‘ “I don’t have to explain in Church why there’s antagonism between the Catholics and Protestants,” Mr. Marzec said.
February 8, 2015
As I have mentioned before in an earlier post or two, when you write for a small weekly newspaper in a small town, you often have to dig a little deeper for stories. But, if your mind is open and you think a bit ‘outside the box’, you will find as many stories as there are living in any town or village.
I personally believe that everyone has something interest to share about his or her life and if, as a journalist, you ask the right questions, everyone will want to read the resulting profile article.
This is one about the United Church minister who arrived in Gravelbourg, Saskatchewan in the early 1980s:
November 16, 1982
New U.C. minister
by Tanya Lester
Why would a United Church minister, just out of an Ontario divinity college, choose to come to the largely French-Catholic town of Gravelbourg?
Well, one reason why Phil Marzec, the new United Church pastor, decided to move here last August is due to the town’s Catholic priest, Father Armand Guenette. “I don’t have to explain in Church why there’s antagonism between the Catholics and Protestants,” Mr. Marzec said. This is for the simple reason that there is no conflict between the different religious groups.
Mr. Marzec believes this is largely due to the work of Father Guenette. The priest is “quite famous” for being an open minded person concerning other denominations. Mr. Marzec said Father Guenette, Ralph Bjornstad (the new Lutheran pastor) and himself informally meet once a week to talk and provide support for each other.
The inter-denominational Ministerial Association, which is organizing the December 12 Christmas concert at the Cathedral, according to Mr. Marzec, also does a good job of staving off inter-Church tensions.
Another reason, Mr. Marzec wanted to come to Gravelbourg, is to have the opportunity to speak French. Besides being educated in the Biblical languages of Latin and Greek, he has studied French, German, Russian, Chinese, and Spanish.
In a way, Mr. Marzec has followed in his father’s footsteps. Before becoming a United Church minister, his father learned seven languages while working as a marine sailor.
The senior Mr. Marzec was from Warsaw, Poland.
He was a Roman Catholic who did not think much of religion until he was, according to his son, converted to the United Church by a thief from Canada. He was first posted at Cadillac, Saskatchewan.
But despite his family background and his knowledge of several languages, Mr. Marzec dislikes travelling. This is because, as a “preacher’s kid”, he moved almost every two years of his life. Born in Saskatoon, he moved to many different towns in Ontario while growing up.
Mr. Marzec attended divinity college at Queen’s University in Hamilton, Ontario. While there, he played goalie for the college hockey team which was appropriately called the Holy Rollers.
At that time, Keith Ashford, the new minister in Lafleche, played defense for the same team. Kincaid’s minister, Jeeva Sam, was the coach. Mr. Marzec, himself, will be coaching minor league hockey in Gravelbourg this winter. He also hopes to play on the farmers’ league.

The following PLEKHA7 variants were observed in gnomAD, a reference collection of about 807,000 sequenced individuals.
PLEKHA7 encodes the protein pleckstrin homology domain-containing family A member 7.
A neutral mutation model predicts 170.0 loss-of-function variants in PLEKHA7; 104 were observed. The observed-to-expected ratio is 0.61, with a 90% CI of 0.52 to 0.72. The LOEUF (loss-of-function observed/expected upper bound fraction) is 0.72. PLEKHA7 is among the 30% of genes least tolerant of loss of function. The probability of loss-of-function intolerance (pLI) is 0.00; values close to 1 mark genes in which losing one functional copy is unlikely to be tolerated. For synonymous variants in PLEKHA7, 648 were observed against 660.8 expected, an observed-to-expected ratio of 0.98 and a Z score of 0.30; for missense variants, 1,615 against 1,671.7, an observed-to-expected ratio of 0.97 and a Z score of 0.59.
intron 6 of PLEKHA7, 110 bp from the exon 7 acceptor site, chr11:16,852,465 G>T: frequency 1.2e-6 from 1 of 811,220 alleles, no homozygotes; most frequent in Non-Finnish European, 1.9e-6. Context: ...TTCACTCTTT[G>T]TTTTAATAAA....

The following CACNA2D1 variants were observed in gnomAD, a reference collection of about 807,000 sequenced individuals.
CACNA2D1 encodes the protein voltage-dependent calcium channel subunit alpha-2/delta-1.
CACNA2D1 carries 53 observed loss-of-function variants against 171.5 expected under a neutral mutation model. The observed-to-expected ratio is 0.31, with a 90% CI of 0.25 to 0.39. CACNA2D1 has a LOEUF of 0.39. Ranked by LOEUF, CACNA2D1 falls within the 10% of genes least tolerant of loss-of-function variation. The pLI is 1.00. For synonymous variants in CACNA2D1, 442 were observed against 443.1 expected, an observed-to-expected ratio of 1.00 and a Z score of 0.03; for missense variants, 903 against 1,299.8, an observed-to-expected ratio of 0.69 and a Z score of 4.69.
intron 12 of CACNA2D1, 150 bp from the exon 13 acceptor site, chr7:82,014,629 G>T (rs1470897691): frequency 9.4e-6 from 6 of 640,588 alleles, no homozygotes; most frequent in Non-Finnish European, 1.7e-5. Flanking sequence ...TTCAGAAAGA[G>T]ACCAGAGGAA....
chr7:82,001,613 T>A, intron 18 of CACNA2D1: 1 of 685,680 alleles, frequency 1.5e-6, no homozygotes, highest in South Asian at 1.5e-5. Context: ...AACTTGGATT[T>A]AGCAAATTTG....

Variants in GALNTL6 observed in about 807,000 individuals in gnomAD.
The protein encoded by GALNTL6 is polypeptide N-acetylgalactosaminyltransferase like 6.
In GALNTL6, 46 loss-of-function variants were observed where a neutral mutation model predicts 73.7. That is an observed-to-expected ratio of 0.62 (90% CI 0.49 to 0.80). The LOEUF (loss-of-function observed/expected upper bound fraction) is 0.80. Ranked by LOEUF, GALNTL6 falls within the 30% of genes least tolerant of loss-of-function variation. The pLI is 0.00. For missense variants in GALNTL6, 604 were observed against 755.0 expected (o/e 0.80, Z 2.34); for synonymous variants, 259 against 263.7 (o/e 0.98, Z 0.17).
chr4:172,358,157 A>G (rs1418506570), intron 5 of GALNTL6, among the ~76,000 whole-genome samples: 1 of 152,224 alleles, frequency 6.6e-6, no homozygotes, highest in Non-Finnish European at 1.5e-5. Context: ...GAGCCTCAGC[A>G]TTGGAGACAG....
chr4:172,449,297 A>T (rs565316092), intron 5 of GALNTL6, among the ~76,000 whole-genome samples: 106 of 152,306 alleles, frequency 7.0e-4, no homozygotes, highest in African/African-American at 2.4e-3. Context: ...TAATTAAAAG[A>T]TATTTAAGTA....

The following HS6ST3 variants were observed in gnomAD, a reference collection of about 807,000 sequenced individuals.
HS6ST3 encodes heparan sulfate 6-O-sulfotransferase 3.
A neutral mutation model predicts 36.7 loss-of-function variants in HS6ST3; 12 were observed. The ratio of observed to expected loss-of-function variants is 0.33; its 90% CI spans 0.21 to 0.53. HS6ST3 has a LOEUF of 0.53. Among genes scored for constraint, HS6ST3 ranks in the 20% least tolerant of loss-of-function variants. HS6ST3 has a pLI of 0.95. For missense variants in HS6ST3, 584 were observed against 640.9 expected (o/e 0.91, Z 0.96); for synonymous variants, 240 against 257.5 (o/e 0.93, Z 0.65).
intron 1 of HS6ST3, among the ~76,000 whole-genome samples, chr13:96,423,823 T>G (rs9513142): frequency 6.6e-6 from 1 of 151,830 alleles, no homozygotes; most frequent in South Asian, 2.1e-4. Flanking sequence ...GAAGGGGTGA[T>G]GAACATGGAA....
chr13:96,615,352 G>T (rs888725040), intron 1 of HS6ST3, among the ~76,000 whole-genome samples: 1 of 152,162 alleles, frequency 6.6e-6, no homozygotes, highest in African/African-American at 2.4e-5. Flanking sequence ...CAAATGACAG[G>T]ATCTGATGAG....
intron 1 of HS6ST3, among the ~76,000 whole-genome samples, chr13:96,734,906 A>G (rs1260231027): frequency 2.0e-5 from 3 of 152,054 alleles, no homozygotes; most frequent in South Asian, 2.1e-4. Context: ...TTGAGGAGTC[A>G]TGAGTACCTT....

On the academic side of college, Mr. Marzec received his Masters in Divinity. He thinks the term “Masters” is ironic. “I don’t know anyone yet whose mastered divinity, Mr. Marzec said. “I suppose Jesus did but nobody since.”
After graduation, Mr. Marzec spent a three month internship as chaplin at the Henderson and General Hospitals in Hamilton. Many of the patients were victims of cancer.
Mr. Marzec said he learned a lot about being a chaplin from one of the patients who had leukemia. The woman had undergone five remissions. Usually, there are only one or two “recoveries” before death.
Having come close to death so many times, the dying woman did not have much time to waste, Mr. Marzec said. After he visited her a couple of times, she tactfully told Mr. Marzec that he was wasting her time. It seems she sensed that Mr. Marzec was afraid of her because she was dying.
He attributed this to the fact that most people, himself included, do not want to admit their immortality. Having never thought too much about death himself, Mr. Marzec was not asking her the questions that she wanted to answer.
Mr. Marzec decided to become a minister during a personal crisis in his life.He had been taking Chinese and playing rugby at university for two years when he made the decision. Besides dealing with his personal life, Mr. Marzec had to quit playing rugby because of problems with his leg tendons. He was going through changes in his life.
Being a minister for the United Church appeals to Mr.Marzec because it is democratic and very liberal. He sees an advantage to its “structural weakness”.
This creates disagreements between members of the Church on policy issues and changes but Mr.Marzec likes the conflict. “When people are comfortable, they don’t think,” he said. “When they’re upset, whether they like it or not, they think.”
Being an advocate of women’s rights has created at least one conflicting situation for Mr.Marzec, too. Once, when he was taking part in a wedding ceremony, he mistakenly introduced the newly married couple by using the bride’s last name for both her and her husband. Now, at a wedding, he announces the couple as merely the bride and groom.He mentions no names.
Besides taking part in the usual ministerial duties, Mr. Marzec is involved with two youth groups and three Bible study groups. He has found that his predecessor did such a good job that it was easy to take over and be accepted into the community.
Mr.Marzec would like to make one change, though. “I suppose I would like to change it so people would rather go to church rather than bowling but that’s not going to change in five minutes or maybe even ten years,” he said.